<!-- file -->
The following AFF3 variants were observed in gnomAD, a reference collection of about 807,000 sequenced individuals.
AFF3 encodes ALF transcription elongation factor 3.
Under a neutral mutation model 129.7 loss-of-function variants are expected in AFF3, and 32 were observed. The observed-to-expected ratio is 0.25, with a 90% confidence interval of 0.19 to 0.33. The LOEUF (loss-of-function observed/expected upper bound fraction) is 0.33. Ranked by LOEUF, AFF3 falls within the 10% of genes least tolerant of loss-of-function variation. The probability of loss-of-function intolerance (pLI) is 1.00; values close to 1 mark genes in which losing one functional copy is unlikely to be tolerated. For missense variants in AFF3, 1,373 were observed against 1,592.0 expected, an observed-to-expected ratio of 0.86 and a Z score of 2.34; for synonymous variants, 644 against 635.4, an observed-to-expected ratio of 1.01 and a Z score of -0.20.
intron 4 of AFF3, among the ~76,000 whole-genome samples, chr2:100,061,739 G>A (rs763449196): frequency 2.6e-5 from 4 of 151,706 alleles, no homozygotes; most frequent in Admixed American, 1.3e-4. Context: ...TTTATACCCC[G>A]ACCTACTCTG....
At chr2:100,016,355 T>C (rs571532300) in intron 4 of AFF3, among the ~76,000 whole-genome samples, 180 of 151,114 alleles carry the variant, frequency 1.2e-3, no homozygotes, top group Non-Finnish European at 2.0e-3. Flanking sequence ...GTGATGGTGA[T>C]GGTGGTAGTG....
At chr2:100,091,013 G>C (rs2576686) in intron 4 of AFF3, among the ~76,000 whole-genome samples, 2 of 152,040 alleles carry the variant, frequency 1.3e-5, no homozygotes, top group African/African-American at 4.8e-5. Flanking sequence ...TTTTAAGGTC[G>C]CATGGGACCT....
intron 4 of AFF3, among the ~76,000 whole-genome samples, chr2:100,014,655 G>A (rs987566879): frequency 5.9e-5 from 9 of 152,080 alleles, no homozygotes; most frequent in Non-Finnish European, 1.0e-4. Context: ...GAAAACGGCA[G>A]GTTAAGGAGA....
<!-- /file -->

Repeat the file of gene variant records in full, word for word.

The following AFF3 variants were observed in gnomAD, a reference collection of about 807,000 sequenced individuals.
AFF3 encodes ALF transcription elongation factor 3.
Under a neutral mutation model 129.7 loss-of-function variants are expected in AFF3, and 32 were observed. The observed-to-expected ratio is 0.25, with a 90% confidence interval of 0.19 to 0.33. The LOEUF (loss-of-function observed/expected upper bound fraction) is 0.33. Ranked by LOEUF, AFF3 falls within the 10% of genes least tolerant of loss-of-function variation. The probability of loss-of-function intolerance (pLI) is 1.00; values close to 1 mark genes in which losing one functional copy is unlikely to be tolerated. For missense variants in AFF3, 1,373 were observed against 1,592.0 expected, an observed-to-expected ratio of 0.86 and a Z score of 2.34; for synonymous variants, 644 against 635.4, an observed-to-expected ratio of 1.01 and a Z score of -0.20.
intron 4 of AFF3, among the ~76,000 whole-genome samples, chr2:100,061,739 G>A (rs763449196): frequency 2.6e-5 from 4 of 151,706 alleles, no homozygotes; most frequent in Admixed American, 1.3e-4. Context: ...TTTATACCCC[G>A]ACCTACTCTG....
At chr2:100,016,355 T>C (rs571532300) in intron 4 of AFF3, among the ~76,000 whole-genome samples, 180 of 151,114 alleles carry the variant, frequency 1.2e-3, no homozygotes, top group Non-Finnish European at 2.0e-3. Flanking sequence ...GTGATGGTGA[T>C]GGTGGTAGTG....
At chr2:100,091,013 G>C (rs2576686) in intron 4 of AFF3, among the ~76,000 whole-genome samples, 2 of 152,040 alleles carry the variant, frequency 1.3e-5, no homozygotes, top group African/African-American at 4.8e-5. Flanking sequence ...TTTTAAGGTC[G>C]CATGGGACCT....
intron 4 of AFF3, among the ~76,000 whole-genome samples, chr2:100,014,655 G>A (rs987566879): frequency 5.9e-5 from 9 of 152,080 alleles, no homozygotes; most frequent in Non-Finnish European, 1.0e-4. Context: ...GAAAACGGCA[G>A]GTTAAGGAGA....